Meanwhile on a train French idiot Pierre Dupre finishes Mary Shelley’s Frankenstein and hands the book back to its owner – none other than (fanfare) Dr Burt Winslow! He’s Rich! Intelligent! Long-Haired! Handsome! Top Of The Class In Everything! as he proceeds to bore the Frenchman with his life story and obsession with the Frankenstein legend. Although Burt’s not convinced it’s a legend. Pierre, instead of either leaping from the train or throwing Megabore off it, is so mesmerised by Burt’s brilliance he offers to join him. On reaching the end of the line, they team up with Morris Lamont who tips them the wink about Fairfax. They visit the mad drunken airman and get the location of ‘the Ice God’ With Lamont driving a massive truck they set off. When the truck can go no further, Burt and Pierre unload the dog sleds and set off for the ice wall. Busily chipping away, they’re attacked by hordes of irate Eskimos who want to hang on to their Deity. Dupre carries on chipping while Winslow blazes away at the ‘Natives’ dropping at least one with every shot (the Eskimos needless to say, couldn’t hit a barn door with a banjo at five paces.) Despite the intense bombardment our heroes free the ice-encased monster, hitch it to their sleds and buzz off to rendezvous with Lamont. After they’ve loaded up, the Eskimos get a small consolation by wounding Dupre. Some more nonsense and Burt is winging his way with a crated creation back to Castle Frankenstein – which he bought for a song, despite the outrage of Ingoldstadt mayor Krag and huge crowds of Lederhosen clad extras. The only ray of sunshine is Lynn Powell (Huzzah!) secretary and assistant (yeah, right) who is waiting for Burt, tidying the castle. Will the second part of the book pick up? I ****ing hope so because if I have to read just how brilliant,super,wonderful Burt is much more, I’m going to have a K’niption fit.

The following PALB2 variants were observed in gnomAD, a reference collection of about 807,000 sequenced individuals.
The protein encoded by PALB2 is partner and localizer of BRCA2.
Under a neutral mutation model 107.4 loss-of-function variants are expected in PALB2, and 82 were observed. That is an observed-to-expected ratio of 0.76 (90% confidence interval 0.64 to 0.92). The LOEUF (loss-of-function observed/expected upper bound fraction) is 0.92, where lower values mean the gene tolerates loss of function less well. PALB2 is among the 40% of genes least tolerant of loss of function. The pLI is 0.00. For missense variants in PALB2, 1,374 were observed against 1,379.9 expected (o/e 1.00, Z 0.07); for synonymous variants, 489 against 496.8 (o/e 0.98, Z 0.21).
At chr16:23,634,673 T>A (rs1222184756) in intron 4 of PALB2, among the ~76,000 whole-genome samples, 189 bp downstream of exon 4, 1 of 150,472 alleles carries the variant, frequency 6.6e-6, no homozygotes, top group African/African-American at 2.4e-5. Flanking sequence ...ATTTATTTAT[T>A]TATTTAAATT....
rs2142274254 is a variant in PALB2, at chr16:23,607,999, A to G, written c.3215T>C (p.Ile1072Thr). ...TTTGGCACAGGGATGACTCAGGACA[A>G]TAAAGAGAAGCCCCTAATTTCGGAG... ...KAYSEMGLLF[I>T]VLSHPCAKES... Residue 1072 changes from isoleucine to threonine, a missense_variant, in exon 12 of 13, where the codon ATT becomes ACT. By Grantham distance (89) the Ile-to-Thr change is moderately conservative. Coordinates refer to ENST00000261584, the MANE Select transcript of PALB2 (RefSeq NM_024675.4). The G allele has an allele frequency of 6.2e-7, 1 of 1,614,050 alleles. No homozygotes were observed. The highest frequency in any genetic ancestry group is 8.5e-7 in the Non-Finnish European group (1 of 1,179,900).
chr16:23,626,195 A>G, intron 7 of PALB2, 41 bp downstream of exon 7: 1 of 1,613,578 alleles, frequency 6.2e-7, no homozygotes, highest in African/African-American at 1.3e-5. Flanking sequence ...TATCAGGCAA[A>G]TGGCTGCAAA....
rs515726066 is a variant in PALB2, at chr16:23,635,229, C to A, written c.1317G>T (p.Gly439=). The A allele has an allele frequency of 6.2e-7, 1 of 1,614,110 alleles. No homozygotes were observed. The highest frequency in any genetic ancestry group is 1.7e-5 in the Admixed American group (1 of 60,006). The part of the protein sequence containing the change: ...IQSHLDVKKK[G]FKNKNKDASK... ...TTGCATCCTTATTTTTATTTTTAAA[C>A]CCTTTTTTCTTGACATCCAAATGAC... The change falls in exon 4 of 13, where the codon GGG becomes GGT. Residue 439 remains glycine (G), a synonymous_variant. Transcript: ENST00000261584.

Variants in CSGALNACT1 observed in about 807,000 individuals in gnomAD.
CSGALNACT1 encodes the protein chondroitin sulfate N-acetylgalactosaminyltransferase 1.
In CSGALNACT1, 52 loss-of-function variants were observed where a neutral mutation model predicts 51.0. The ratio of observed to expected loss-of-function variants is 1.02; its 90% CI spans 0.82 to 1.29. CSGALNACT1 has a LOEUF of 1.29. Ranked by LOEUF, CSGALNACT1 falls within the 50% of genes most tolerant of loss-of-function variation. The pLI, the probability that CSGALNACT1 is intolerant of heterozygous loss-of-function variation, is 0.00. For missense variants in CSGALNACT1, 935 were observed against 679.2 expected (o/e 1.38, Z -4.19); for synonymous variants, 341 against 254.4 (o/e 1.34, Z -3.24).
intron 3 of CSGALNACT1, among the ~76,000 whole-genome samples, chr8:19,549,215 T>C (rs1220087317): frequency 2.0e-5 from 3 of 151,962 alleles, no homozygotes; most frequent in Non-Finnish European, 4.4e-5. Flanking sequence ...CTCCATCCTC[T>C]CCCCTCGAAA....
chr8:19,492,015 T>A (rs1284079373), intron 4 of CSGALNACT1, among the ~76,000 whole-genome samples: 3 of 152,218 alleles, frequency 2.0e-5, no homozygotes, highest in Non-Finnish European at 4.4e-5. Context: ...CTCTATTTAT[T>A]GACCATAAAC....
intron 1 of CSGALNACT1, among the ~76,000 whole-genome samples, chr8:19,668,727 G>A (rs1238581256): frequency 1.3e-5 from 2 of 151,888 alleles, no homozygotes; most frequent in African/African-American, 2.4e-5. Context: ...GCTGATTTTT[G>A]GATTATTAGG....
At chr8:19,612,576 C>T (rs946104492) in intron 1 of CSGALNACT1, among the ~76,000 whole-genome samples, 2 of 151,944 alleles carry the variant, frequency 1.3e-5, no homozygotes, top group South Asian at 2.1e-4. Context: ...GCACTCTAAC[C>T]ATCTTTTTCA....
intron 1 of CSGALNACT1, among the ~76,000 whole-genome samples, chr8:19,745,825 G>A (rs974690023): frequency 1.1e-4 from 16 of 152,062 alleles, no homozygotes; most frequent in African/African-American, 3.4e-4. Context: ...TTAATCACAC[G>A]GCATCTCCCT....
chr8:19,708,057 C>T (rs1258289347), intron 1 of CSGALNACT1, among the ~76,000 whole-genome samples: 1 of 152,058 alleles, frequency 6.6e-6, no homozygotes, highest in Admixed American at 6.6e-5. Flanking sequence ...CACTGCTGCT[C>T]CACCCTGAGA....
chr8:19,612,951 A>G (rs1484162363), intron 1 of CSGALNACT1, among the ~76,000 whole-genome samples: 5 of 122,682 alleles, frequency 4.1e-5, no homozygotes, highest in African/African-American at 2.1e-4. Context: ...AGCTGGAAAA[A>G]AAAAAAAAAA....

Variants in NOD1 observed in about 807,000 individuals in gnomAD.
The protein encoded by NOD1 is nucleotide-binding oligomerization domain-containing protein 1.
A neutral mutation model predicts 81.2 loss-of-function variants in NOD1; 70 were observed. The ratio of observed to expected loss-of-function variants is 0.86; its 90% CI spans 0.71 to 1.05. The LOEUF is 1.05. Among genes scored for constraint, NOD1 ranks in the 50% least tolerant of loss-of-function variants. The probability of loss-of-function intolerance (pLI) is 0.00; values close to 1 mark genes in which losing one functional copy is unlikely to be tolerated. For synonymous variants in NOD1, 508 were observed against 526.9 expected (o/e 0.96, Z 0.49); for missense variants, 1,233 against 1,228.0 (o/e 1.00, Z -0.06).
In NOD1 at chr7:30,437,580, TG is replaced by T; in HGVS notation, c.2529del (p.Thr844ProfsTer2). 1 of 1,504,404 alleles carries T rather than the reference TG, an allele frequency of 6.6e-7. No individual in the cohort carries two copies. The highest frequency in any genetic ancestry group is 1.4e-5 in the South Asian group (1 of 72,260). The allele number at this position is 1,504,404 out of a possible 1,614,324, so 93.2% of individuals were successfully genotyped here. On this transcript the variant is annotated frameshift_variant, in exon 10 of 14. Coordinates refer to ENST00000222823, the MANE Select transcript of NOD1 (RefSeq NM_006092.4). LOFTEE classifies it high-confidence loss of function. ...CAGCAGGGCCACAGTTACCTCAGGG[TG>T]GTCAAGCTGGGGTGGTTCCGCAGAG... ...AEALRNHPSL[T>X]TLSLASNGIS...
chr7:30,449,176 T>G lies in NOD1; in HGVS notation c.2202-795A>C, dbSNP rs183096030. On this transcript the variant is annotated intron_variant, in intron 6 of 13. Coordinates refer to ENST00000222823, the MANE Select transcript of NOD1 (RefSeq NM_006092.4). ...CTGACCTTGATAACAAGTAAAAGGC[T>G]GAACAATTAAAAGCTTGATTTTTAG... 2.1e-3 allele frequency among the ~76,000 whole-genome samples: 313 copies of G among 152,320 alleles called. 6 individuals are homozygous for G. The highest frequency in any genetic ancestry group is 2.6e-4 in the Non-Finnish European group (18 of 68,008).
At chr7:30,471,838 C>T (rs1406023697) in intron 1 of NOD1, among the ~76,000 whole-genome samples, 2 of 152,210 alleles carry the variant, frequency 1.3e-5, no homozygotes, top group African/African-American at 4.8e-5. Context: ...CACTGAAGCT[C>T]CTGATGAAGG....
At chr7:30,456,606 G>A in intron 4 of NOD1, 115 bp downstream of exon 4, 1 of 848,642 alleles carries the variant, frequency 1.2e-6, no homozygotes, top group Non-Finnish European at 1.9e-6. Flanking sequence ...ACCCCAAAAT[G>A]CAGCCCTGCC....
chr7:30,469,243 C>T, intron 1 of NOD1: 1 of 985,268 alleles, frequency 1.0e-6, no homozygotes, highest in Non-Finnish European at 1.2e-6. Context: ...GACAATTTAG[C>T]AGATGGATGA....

Forget all that rubbish I posted above. How could I have doubted Don? Part 2 is Back With A Vengeance and jet-propelled. Mr Glut has opened boxes marked Ludicrousness, Horror Cliches and Ultraviolence and gone barmy in the best possible taste. The very next page my jaundiced eye fell upon – ‘A creature had suddenly appeared in the mountains near Ingoldstadt, looking more dead than alive. His countenance was that of a dried corpse, with parched lips and sinister green eyes that stared with an unearthly fire from their cavernous sockets. He sat atop a circus wagon and grinned, showing his few yellow teeth…’ Yay! It’s Professor Dartani’s Asylum Of Horrors – featuring Vampires! Werewolves! Zombies! Witches! I nearly burst several blood vessels but its just a travelling waxworks. However despite some magnificent megaphone marketing in Ingoldstadt, Killjoy Krag runs the Prof and his human gorilla stooge , Gort, out of town.

Burt and the better looking FM (Arf!) are back at the castle. A quick brush against Lynn’s full breasts and its down to some serious Mad Scientisting. Winslow’s got the best equipment money can buy and its time for that old revival ballyhoo. Lynn changes into a short, white nurse’s uniform that reveals her gorgeous legs. Even Burt the Brain must have felt a rustling in the front of his trousers as she leans over a very important piece of scientific equipment. ‘For a short while Winslow managed to smile, considering the fact that he was working with such a vision and not with any ugly and deformed assistant named Igor.’